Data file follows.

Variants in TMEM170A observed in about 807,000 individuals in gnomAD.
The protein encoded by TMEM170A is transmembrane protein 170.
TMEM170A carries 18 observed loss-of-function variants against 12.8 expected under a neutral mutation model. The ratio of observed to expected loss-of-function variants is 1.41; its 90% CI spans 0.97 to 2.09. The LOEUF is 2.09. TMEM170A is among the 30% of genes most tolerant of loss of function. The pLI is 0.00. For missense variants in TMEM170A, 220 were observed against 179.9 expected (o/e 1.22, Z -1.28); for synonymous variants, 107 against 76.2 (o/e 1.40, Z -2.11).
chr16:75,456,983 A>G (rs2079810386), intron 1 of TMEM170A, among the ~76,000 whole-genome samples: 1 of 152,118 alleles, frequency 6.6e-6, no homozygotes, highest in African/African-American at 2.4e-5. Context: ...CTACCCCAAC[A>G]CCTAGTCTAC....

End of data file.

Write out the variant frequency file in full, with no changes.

Variants in TMEM170A observed in about 807,000 individuals in gnomAD.
The protein encoded by TMEM170A is transmembrane protein 170.
TMEM170A carries 18 observed loss-of-function variants against 12.8 expected under a neutral mutation model. The ratio of observed to expected loss-of-function variants is 1.41; its 90% CI spans 0.97 to 2.09. The LOEUF is 2.09. TMEM170A is among the 30% of genes most tolerant of loss of function. The pLI is 0.00. For missense variants in TMEM170A, 220 were observed against 179.9 expected (o/e 1.22, Z -1.28); for synonymous variants, 107 against 76.2 (o/e 1.40, Z -2.11).
chr16:75,456,983 A>G (rs2079810386), intron 1 of TMEM170A, among the ~76,000 whole-genome samples: 1 of 152,118 alleles, frequency 6.6e-6, no homozygotes, highest in African/African-American at 2.4e-5. Context: ...CTACCCCAAC[A>G]CCTAGTCTAC....